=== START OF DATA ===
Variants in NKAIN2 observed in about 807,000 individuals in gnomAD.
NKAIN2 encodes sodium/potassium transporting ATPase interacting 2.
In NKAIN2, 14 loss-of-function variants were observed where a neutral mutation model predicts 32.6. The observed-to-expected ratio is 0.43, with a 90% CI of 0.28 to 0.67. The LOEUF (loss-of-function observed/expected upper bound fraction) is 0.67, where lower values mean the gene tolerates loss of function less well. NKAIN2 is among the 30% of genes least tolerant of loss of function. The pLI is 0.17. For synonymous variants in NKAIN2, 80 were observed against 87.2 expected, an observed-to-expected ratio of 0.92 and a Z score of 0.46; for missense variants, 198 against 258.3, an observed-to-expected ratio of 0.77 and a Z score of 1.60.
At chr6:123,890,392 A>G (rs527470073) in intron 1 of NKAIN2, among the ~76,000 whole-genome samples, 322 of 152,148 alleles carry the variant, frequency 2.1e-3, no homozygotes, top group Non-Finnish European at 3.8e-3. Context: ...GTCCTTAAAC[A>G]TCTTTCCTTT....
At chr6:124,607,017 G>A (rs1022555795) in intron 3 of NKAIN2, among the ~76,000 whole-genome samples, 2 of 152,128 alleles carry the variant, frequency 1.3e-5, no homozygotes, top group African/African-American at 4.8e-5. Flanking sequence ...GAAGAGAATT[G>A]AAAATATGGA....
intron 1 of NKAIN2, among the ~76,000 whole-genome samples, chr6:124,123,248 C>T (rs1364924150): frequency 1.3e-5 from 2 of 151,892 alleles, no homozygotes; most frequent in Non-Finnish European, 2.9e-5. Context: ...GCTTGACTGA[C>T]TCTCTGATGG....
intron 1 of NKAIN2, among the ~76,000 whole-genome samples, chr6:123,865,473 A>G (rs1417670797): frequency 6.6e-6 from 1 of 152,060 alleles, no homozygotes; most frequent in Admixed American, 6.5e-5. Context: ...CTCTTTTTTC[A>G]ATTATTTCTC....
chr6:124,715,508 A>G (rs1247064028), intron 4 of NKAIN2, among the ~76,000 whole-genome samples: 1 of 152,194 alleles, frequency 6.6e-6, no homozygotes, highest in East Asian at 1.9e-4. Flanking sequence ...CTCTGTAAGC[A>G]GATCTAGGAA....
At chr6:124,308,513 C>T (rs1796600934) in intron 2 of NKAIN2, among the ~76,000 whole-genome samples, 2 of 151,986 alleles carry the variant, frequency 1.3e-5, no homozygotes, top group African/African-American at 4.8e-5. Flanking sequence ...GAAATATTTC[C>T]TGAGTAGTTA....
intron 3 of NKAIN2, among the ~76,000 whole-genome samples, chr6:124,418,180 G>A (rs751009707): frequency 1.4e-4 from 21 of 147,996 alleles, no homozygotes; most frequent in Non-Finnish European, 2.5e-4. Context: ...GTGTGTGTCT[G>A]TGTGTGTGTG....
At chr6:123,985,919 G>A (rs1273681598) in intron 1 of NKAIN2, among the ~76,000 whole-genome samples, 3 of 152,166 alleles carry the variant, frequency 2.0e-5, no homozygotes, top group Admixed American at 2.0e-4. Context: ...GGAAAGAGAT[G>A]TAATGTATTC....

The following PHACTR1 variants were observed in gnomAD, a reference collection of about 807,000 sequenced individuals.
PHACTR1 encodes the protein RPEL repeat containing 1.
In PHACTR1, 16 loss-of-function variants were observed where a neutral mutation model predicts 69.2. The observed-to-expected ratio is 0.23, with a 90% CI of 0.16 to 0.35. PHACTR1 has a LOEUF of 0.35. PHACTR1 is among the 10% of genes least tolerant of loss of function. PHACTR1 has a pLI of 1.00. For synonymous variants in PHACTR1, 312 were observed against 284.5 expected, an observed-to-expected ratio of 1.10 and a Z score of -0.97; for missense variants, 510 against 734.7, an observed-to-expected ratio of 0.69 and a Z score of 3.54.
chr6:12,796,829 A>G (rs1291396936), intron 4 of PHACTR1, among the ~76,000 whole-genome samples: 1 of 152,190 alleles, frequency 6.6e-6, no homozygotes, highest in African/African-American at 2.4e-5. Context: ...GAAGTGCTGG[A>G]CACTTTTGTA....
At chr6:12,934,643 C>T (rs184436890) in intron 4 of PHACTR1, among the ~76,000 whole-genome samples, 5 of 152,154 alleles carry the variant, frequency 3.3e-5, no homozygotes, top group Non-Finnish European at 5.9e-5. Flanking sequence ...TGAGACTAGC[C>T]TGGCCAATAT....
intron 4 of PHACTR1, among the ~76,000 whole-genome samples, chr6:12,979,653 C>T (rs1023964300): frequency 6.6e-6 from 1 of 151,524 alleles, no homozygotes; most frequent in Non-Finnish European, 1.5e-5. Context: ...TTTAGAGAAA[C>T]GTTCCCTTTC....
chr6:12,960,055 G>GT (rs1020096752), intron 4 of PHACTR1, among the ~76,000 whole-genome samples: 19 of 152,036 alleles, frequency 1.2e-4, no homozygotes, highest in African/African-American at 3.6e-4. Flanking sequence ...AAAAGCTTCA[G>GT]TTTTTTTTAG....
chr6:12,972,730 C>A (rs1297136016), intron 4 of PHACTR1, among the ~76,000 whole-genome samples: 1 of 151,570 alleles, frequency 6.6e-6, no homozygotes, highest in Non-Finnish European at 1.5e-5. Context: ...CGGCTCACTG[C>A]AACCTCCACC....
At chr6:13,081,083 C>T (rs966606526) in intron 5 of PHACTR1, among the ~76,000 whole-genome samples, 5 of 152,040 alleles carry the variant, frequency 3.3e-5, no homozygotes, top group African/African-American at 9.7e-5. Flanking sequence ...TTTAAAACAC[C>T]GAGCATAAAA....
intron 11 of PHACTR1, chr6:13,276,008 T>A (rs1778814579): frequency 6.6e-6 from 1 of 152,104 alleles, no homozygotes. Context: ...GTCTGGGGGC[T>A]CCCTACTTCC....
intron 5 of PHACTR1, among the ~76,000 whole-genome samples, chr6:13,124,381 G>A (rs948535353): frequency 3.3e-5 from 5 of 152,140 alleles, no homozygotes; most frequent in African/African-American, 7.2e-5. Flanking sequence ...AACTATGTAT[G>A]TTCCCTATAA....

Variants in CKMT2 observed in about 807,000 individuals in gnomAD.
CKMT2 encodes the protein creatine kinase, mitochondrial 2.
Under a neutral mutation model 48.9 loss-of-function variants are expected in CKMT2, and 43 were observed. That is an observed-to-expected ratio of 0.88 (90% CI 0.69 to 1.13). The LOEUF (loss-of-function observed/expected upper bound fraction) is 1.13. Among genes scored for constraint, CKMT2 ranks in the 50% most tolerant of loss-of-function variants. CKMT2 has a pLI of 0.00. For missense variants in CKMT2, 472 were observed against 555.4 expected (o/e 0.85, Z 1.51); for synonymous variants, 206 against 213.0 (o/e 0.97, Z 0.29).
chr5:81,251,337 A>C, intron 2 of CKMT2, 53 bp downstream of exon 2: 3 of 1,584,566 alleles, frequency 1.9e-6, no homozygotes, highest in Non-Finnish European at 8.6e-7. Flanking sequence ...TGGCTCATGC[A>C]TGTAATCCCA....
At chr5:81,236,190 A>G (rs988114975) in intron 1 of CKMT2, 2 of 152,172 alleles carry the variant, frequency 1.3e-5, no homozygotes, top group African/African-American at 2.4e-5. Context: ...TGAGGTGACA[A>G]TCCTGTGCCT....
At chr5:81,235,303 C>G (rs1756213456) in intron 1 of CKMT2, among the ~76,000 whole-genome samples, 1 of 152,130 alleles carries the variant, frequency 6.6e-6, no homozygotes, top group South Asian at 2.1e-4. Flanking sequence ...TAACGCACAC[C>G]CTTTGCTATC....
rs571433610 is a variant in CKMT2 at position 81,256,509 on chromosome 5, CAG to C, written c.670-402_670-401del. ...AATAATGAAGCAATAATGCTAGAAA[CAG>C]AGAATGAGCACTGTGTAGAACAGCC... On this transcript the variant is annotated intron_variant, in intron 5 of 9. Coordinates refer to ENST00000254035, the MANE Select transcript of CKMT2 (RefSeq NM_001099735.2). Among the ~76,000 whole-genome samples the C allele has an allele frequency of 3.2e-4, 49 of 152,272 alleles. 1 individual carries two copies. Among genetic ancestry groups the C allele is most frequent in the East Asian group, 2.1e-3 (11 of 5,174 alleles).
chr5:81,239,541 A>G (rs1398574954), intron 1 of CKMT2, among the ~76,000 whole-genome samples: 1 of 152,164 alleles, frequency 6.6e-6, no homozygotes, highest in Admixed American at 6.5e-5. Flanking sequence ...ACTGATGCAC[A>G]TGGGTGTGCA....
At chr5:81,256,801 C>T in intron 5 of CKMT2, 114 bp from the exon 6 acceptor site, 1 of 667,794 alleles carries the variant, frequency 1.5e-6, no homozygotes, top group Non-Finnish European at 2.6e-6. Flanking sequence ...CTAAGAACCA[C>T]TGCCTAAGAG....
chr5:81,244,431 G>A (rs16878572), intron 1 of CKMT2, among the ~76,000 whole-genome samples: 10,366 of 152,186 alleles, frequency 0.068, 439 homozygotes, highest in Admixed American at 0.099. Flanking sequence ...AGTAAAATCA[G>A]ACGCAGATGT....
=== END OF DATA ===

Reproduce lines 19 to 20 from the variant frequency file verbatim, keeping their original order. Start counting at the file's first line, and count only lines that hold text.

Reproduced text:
chr6:12,972,730 C>A (rs1297136016), intron 4 of PHACTR1, among the ~76,000 whole-genome samples: 1 of 151,570 alleles, frequency 6.6e-6, no homozygotes, highest in Non-Finnish European at 1.5e-5. Context: ...CGGCTCACTG[C>A]AACCTCCACC....
At chr6:13,081,083 C>T (rs966606526) in intron 5 of PHACTR1, among the ~76,000 whole-genome samples, 5 of 152,040 alleles carry the variant, frequency 3.3e-5, no homozygotes, top group African/African-American at 9.7e-5. Flanking sequence ...TTTAAAACAC[C>T]GAGCATAAAA....